A top legal expert has urged MPs to vote against the assisted dying bill when the draft legislation goes before the House of Commons on 11 September, warning the proposed changes could increase the risk of suicide among vulnerable people. Lord Carlile QC also told IBTimes UK that he opposed the bill on ethical grounds and because the current system "works better".

"I am opposed to the principle of allowing doctors or anybody else to deliberately kill patients. The current system works better in which there is a therapeutic basis for the prescription of any drugs -- for example, morphine -- and the doctrine of double effect works well," he argued.

The Liberal Democrat peer and barrister, who works out of the 9-12 Bell Yard chambers, added: "If we introduce this legislation, we will be raising the risks of vulnerable people wishing to commit suicide because they feel that they are saving trouble for their families or to avoid financial worries, and there is the potential for undue influence."

The private members' bill, tabled by Labour MP Rob Marris, would introduce a "conscience clause", which would mean doctors and nurses would not have to be involved in the assisted dying.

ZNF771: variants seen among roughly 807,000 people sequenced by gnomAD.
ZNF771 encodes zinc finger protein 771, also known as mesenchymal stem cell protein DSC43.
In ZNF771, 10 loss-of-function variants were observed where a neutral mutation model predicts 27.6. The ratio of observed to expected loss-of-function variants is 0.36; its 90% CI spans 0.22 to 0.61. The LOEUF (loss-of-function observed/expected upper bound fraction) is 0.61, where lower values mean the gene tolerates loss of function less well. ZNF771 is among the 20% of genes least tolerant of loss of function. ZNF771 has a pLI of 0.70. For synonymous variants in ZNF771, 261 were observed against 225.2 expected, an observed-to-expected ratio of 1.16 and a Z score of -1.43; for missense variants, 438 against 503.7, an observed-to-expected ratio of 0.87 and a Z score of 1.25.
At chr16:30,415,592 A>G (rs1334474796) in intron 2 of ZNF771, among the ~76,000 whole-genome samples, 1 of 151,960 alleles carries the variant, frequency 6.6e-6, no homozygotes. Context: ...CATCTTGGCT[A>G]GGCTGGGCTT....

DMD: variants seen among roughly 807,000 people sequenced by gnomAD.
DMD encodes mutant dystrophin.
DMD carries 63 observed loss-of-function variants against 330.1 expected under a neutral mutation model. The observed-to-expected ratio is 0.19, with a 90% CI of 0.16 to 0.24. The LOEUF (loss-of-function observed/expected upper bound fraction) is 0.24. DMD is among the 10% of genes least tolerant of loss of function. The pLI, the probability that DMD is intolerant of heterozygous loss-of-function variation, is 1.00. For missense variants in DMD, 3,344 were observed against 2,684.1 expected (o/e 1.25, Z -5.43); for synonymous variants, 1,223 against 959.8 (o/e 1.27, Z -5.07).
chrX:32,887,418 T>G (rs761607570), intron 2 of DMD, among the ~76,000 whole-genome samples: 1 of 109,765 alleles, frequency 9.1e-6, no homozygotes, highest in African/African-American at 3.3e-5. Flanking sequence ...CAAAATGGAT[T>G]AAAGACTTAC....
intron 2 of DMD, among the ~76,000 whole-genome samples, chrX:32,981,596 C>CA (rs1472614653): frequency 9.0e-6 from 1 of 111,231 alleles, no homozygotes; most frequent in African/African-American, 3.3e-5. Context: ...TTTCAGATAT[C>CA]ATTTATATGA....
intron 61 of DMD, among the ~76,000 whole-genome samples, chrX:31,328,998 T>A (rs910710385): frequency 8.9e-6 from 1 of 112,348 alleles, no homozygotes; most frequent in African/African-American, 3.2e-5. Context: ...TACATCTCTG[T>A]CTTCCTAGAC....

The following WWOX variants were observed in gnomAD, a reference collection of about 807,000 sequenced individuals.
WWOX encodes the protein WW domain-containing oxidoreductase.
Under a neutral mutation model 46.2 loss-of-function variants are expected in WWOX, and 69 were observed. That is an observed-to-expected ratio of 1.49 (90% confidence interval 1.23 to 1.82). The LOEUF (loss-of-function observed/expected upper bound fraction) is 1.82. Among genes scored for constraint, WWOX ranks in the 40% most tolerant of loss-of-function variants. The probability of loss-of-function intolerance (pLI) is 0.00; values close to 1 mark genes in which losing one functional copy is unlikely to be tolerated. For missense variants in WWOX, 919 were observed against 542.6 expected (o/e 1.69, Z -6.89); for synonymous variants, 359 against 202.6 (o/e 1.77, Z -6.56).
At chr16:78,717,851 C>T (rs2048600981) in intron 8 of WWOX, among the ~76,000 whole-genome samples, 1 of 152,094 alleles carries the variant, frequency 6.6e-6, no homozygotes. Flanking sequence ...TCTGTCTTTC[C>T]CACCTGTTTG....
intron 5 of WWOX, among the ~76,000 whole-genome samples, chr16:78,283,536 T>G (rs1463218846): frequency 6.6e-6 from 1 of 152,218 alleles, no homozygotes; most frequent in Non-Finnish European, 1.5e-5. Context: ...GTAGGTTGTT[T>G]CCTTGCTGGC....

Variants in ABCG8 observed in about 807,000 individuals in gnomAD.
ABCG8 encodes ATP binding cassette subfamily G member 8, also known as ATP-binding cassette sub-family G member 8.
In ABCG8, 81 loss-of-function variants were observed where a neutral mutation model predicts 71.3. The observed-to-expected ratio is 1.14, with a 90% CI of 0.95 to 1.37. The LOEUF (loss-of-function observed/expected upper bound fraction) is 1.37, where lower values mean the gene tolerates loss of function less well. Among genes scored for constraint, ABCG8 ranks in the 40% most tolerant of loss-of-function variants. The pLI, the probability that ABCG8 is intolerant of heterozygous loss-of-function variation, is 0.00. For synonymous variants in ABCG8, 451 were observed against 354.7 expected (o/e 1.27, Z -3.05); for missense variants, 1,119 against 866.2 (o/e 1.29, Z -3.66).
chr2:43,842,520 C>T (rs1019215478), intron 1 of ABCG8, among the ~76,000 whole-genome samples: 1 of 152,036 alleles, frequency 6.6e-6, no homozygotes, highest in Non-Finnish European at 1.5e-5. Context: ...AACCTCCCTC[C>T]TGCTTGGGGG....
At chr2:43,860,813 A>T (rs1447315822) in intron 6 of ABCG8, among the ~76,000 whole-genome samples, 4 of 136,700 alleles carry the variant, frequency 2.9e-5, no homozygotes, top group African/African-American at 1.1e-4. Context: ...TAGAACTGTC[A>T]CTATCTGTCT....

The proposed law would also allow the terminally ill to be given a deadly dose of drugs, but the patients would have to have six months or less left to live and two doctors would have to sign the procedure off.

However, Carlile has argued that these safeguards "fall short of what is acceptable". The bill is effectively a re-run of Lord Falconer's efforts to get his assisted dying bill through parliament in 2014.

Campaign group Dignity in Dying have welcomed Marris' bill and urged MPs to vote in favour of it.

"We believe that, subject to strict upfront safeguards, the law should allow terminally ill, mentally competent adults to request life-ending medication from a doctor. The dying patient would then have the choice to self-administer that medication at a time that was right for them," the group said in a statement.

"A change in the law on assisted dying would not lead to more deaths, rather it would lead to less suffering for those dying people who want the choice to control how and when they die."

But the bill has faced opposition from the likes of the Archbishop of Canterbury Justin Welby, who described the proposal as "legal and ethical Rubicon" in The Observer. Meanwhile, Tory MP Nus Gahni wrote in IBTimes UK that she would back the legislation.

"This bill, which contains stringent safeguards, offers a choice to those with a terminal illness who wish to end their lives. It is not for me, or anyone, to make that choice for them, but it is in my power to give them that choice," she said.